Past conversion of land to agriculture, urban development, fire suppression, and other factors have reduced upland prairie to approximately 988 ac, which is approximately 0.01 percent of its former range. Of this remaining prairie habitat, Fender's blue butterfly occupies approximately 408 ac and Kincaid's lupine occupies about 370 ac. The threat of habitat loss in remnant prairies continues through habitat destruction or degradation due to agriculture, urban development, forestry, grazing, roadside maintenance, and commercial Christmas tree farming. Sites not threatened by habitat destruction are threatened by herbivory, competition by nonnative species, and plant succession. Over half of the sites occupied by Fender's blue butterfly and Kincaid's lupine are privately owned, necessitating conservation actions on non-Federal lands to recover the species.

The Applicants, in partnership with the Service through the Partners for Fish and Wildlife Program, propose to enter into an agreement to restore approximately 20 ac of upland prairie oak savanna habitat (Agreement #13420-1-J134). The project area had been a hay field and horse pasture and was covered with a variety of hay grasses and weeds, including Himalayan blackberry and Queen Anne's lace. The project site consists of two fields, both of which have large Oregon white oaks growing along the edges. The site was determined to be suitable for introduction of Kincaid's lupine and may eventually support Fender's blue butterfly.

As described in the proposed Agreement, the Applicants and the Service would agree to carry out management activities that would restore 20 ac of oak savanna habitat for Kincaid's lupine and Fender's blue butterfly. The Applicants will maintain the habitat for a period of 15 years by controlling invasive plant species via bi-annual perimeter mowing, burning, or other means. In return for these voluntary conservation commitments, an ESA 10(a)(1)(A) permit, if approved, would extend assurances to the Applicants, including authorization to return the property to its original baseline condition at the end of the 15-year term of the Agreement.Start Printed Page 2727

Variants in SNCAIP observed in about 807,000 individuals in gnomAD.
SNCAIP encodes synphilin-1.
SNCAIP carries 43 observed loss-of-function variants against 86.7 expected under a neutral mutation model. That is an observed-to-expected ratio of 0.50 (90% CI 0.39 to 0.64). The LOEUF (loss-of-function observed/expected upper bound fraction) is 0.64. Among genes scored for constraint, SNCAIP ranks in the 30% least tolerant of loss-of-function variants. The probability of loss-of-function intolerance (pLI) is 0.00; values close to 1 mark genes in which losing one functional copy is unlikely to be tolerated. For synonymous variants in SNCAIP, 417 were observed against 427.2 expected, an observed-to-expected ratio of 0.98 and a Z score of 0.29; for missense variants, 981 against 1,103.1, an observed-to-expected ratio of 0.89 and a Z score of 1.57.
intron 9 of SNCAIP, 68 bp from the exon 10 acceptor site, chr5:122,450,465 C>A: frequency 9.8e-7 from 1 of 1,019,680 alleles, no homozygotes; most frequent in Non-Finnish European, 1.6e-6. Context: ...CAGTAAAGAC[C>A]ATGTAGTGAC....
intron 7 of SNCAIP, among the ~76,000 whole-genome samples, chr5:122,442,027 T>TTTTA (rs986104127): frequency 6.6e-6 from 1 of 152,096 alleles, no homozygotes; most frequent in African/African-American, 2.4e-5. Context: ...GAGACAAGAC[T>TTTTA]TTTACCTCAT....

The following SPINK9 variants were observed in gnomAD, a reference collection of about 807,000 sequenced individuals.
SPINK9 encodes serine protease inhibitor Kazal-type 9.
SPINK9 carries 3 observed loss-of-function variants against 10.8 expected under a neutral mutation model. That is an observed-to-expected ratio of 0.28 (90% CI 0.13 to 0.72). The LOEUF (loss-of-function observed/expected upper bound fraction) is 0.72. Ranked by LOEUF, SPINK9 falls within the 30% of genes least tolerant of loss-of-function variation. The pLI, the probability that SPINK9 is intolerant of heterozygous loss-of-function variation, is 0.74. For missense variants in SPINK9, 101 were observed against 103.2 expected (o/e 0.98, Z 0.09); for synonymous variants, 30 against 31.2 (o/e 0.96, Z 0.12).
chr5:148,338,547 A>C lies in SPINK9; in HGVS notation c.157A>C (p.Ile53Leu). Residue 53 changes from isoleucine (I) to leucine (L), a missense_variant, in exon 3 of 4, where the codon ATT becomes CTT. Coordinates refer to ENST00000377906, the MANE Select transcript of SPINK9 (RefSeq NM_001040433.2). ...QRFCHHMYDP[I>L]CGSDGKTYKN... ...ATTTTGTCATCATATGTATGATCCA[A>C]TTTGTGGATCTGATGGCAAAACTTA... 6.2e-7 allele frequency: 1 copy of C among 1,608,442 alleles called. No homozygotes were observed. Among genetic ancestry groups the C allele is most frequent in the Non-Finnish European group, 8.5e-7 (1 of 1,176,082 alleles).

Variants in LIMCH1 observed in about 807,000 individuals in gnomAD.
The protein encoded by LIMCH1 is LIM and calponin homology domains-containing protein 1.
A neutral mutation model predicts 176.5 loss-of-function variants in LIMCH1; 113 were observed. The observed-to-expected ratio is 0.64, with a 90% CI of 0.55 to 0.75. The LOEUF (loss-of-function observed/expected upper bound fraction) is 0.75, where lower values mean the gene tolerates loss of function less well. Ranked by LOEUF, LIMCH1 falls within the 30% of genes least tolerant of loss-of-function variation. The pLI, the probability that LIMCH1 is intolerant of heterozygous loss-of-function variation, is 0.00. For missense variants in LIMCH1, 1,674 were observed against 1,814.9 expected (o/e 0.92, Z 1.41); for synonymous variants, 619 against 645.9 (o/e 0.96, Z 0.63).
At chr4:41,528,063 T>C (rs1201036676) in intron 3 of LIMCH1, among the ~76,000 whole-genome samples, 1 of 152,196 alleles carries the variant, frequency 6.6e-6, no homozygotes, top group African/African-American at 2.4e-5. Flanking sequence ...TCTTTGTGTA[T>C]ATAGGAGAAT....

The Service would be responsible for annual compliance monitoring related to implementation of the proposed Agreement and fulfillment of its provisions. The Institute for Applied Ecology, per the Partners for Fish and Wildlife Program contract, will monitor effectiveness of the introduction and survivorship of Kincaid's lupine seeds and seedlings.

We will evaluate the permit application, the proposed Agreement, and comments submitted thereon to determine whether the application meets the requirements of section 10(a) of the Act and applicable regulations. If the requirements are met, the Service will sign the proposed Agreement and issue an enhancement of survival permit under section 10(a)(1)(A) of the Act to the applicant for take of Fender's blue butterfly as a result of activities incidental to otherwise lawful activities of the project. Kincaid's lupine would be included on the permit in recognition of the conservation benefits provided to it under the Agreement as a result of restoration and recovery activities. The Service will not make a final decision without full consideration of all comments received during the comment period.

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Dated: December 22, 2003.

David Wesley,

Deputy Regional Director, Region 1, Portland, Oregon.

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[FR Doc. 04-1095 Filed 1-16-04; 8:45 am]